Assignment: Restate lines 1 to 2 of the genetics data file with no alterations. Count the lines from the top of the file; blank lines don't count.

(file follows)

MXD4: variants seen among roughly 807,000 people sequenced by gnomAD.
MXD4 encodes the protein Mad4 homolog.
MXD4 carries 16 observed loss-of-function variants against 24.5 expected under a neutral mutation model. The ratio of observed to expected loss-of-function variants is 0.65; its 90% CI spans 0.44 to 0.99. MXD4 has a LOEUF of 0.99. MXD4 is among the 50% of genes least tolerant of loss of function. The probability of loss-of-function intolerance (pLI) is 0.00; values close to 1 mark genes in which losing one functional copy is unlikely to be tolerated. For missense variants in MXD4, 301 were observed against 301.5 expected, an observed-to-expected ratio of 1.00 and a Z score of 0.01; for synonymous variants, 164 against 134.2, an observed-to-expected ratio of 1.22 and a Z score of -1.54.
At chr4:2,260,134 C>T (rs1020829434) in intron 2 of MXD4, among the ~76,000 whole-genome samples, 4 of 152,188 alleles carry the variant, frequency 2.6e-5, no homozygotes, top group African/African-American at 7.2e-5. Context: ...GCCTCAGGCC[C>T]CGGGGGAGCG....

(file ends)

MXD4: variants seen among roughly 807,000 people sequenced by gnomAD.
MXD4 encodes the protein Mad4 homolog.